Two-thirds of respondents (66%) that have measured the impact of auto-enrolment within their organisation say compliance has increased their costs, according to the Employee Benefits/Close Brothers Pensions research 2014, which surveyed 216 respondents in September 2014.
Overall, 60% of respondents have measured the impact of auto-enrolment on their organisation. A further 12% have yet to reach their staging date.
This increase in costs is in line with employers’ expectations before auto-enrolment came into effect in October 2012. For example, just under three-quarters (74%) of respondents to the Employee Benefits Workplace savings and pensions research 2011 expected compliance with the legislation to increase costs for their organisation.
Some of these costs may result from the additional resources and technology systems that respondents have had to implement to meet the demands of auto-enrolment or from the introduction of initiatives such as financial education or an ‘at-retirement strategy’.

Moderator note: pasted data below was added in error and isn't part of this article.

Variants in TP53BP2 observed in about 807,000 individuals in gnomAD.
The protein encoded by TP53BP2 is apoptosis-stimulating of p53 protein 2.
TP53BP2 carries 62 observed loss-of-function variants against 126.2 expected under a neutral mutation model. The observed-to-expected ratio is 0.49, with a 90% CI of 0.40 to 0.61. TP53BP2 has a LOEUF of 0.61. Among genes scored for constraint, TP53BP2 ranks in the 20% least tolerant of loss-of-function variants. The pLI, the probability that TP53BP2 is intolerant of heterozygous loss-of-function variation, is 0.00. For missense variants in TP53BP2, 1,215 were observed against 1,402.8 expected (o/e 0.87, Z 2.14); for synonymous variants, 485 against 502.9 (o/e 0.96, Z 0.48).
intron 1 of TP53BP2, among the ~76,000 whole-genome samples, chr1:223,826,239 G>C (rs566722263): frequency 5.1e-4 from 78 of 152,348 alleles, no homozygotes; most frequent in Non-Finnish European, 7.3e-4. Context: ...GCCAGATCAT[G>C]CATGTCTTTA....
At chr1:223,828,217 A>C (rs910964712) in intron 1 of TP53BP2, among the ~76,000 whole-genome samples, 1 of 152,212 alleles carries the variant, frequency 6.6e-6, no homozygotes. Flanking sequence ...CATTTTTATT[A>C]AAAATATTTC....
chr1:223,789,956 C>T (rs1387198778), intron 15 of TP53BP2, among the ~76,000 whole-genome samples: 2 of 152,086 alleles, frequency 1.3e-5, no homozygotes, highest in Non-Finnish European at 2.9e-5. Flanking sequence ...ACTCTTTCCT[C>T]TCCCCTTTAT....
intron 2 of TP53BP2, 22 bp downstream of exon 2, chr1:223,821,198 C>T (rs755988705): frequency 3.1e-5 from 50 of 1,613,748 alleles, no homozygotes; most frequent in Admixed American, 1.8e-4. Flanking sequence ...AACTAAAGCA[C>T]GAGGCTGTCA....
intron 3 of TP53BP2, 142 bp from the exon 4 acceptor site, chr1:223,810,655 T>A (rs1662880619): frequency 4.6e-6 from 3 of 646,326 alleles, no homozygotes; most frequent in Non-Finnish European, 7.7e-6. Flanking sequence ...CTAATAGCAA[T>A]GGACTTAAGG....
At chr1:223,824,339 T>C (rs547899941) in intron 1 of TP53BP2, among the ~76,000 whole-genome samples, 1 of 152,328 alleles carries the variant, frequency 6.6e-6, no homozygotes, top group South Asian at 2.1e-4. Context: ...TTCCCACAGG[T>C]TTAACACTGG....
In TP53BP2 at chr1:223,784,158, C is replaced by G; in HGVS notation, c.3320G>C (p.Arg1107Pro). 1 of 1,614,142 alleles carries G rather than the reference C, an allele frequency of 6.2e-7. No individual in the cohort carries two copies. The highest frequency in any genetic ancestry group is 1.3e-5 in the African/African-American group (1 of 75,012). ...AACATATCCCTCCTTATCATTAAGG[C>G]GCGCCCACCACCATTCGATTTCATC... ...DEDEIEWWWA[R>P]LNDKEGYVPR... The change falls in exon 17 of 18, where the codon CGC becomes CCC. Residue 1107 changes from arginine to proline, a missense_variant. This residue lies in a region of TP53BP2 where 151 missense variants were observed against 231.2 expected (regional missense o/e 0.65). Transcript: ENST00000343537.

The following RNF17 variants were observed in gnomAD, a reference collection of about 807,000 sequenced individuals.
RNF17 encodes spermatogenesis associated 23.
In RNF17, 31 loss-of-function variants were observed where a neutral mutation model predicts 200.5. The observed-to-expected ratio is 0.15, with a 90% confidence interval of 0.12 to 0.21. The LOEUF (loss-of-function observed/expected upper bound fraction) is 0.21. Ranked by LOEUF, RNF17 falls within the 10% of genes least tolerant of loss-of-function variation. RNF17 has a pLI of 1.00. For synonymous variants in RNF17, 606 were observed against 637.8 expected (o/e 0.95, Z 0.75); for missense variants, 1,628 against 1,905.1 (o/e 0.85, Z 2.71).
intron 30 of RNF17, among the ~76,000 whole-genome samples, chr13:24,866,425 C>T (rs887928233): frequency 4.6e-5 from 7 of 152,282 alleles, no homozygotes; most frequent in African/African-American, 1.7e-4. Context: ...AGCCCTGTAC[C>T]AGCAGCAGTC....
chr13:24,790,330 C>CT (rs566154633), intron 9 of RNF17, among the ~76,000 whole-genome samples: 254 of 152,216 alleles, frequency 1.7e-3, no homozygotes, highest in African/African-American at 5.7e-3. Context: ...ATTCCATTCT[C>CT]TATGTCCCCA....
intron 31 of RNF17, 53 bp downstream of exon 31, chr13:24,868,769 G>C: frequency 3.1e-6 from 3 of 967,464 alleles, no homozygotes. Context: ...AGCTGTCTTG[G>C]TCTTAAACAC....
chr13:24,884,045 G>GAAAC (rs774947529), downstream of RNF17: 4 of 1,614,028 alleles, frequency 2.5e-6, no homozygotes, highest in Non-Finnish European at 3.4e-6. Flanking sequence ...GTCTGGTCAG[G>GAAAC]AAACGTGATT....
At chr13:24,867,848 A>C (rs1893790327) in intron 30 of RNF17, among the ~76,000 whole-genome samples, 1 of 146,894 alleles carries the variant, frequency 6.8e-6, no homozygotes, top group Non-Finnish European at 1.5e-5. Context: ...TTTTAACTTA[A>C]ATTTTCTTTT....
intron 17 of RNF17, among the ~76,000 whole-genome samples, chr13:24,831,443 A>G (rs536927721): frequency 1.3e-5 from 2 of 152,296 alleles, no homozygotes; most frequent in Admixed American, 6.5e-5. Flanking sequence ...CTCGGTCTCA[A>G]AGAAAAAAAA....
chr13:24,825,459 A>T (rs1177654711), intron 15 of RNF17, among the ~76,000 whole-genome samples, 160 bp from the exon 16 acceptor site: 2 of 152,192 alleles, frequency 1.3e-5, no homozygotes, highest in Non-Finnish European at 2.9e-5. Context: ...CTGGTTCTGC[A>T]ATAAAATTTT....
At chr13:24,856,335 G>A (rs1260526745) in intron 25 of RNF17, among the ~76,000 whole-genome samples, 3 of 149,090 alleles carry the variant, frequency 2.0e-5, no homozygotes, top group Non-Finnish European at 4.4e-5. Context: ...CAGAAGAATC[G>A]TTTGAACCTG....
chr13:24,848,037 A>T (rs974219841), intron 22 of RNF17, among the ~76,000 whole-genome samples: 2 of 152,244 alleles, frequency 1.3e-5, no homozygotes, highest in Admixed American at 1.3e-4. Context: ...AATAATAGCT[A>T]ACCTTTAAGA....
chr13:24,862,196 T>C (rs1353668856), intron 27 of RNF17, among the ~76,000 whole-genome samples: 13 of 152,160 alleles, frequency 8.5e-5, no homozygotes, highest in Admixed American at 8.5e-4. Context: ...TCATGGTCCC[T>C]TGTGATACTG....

Overall, however, auto-enrolment appears to have had a positive impact on employers, with 42% having introduced wider communications around pensions and pension savings, 41% reporting that staff are saving more into pensions and 30% seeing increased staff engagement with their workplace pension and how it is run.
Sample: All respondents that have measured the impact of auto-enrolment on their organisation (123)